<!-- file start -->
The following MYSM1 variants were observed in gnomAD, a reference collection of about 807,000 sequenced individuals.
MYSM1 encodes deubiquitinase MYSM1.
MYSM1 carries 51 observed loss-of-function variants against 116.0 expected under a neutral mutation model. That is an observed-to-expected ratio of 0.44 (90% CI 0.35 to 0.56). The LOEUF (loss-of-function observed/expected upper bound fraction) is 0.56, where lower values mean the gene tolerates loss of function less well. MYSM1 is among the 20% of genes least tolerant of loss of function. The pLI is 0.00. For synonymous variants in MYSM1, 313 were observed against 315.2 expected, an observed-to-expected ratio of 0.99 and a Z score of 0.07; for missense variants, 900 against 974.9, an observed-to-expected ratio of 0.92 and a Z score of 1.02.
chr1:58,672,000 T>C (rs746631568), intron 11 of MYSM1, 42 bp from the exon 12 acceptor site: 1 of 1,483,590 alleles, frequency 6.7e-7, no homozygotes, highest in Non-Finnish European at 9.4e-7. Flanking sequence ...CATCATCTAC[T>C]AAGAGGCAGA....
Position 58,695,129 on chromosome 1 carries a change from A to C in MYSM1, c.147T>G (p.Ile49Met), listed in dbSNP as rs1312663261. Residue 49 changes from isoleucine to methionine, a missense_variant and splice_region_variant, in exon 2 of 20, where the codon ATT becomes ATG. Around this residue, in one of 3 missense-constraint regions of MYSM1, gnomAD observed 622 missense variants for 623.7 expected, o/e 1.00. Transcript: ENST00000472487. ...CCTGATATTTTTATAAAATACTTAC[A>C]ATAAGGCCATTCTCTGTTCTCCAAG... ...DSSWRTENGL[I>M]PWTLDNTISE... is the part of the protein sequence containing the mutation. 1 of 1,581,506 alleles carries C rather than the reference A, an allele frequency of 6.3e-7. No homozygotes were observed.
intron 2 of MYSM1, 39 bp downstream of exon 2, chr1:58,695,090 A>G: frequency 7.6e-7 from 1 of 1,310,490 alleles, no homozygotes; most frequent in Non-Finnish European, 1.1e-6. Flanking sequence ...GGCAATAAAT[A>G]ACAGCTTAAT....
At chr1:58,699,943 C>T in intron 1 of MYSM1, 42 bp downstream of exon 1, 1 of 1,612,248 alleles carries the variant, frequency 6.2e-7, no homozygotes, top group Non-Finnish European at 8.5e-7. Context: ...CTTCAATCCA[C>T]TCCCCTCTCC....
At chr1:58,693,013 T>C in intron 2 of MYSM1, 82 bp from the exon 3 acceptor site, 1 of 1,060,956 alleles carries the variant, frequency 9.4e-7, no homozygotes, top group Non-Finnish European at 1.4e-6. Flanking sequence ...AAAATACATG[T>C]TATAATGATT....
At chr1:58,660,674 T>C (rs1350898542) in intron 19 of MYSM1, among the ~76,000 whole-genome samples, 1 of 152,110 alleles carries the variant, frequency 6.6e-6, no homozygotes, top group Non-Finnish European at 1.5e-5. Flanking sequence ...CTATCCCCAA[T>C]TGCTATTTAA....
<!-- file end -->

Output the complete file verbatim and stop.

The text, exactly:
The following MYSM1 variants were observed in gnomAD, a reference collection of about 807,000 sequenced individuals.
MYSM1 encodes deubiquitinase MYSM1.
MYSM1 carries 51 observed loss-of-function variants against 116.0 expected under a neutral mutation model. That is an observed-to-expected ratio of 0.44 (90% CI 0.35 to 0.56). The LOEUF (loss-of-function observed/expected upper bound fraction) is 0.56, where lower values mean the gene tolerates loss of function less well. MYSM1 is among the 20% of genes least tolerant of loss of function. The pLI is 0.00. For synonymous variants in MYSM1, 313 were observed against 315.2 expected, an observed-to-expected ratio of 0.99 and a Z score of 0.07; for missense variants, 900 against 974.9, an observed-to-expected ratio of 0.92 and a Z score of 1.02.
chr1:58,672,000 T>C (rs746631568), intron 11 of MYSM1, 42 bp from the exon 12 acceptor site: 1 of 1,483,590 alleles, frequency 6.7e-7, no homozygotes, highest in Non-Finnish European at 9.4e-7. Flanking sequence ...CATCATCTAC[T>C]AAGAGGCAGA....
Position 58,695,129 on chromosome 1 carries a change from A to C in MYSM1, c.147T>G (p.Ile49Met), listed in dbSNP as rs1312663261. Residue 49 changes from isoleucine to methionine, a missense_variant and splice_region_variant, in exon 2 of 20, where the codon ATT becomes ATG. Around this residue, in one of 3 missense-constraint regions of MYSM1, gnomAD observed 622 missense variants for 623.7 expected, o/e 1.00. Transcript: ENST00000472487. ...CCTGATATTTTTATAAAATACTTAC[A>C]ATAAGGCCATTCTCTGTTCTCCAAG... ...DSSWRTENGL[I>M]PWTLDNTISE... is the part of the protein sequence containing the mutation. 1 of 1,581,506 alleles carries C rather than the reference A, an allele frequency of 6.3e-7. No homozygotes were observed.
intron 2 of MYSM1, 39 bp downstream of exon 2, chr1:58,695,090 A>G: frequency 7.6e-7 from 1 of 1,310,490 alleles, no homozygotes; most frequent in Non-Finnish European, 1.1e-6. Flanking sequence ...GGCAATAAAT[A>G]ACAGCTTAAT....
At chr1:58,699,943 C>T in intron 1 of MYSM1, 42 bp downstream of exon 1, 1 of 1,612,248 alleles carries the variant, frequency 6.2e-7, no homozygotes, top group Non-Finnish European at 8.5e-7. Context: ...CTTCAATCCA[C>T]TCCCCTCTCC....
At chr1:58,693,013 T>C in intron 2 of MYSM1, 82 bp from the exon 3 acceptor site, 1 of 1,060,956 alleles carries the variant, frequency 9.4e-7, no homozygotes, top group Non-Finnish European at 1.4e-6. Flanking sequence ...AAAATACATG[T>C]TATAATGATT....
At chr1:58,660,674 T>C (rs1350898542) in intron 19 of MYSM1, among the ~76,000 whole-genome samples, 1 of 152,110 alleles carries the variant, frequency 6.6e-6, no homozygotes, top group Non-Finnish European at 1.5e-5. Flanking sequence ...CTATCCCCAA[T>C]TGCTATTTAA....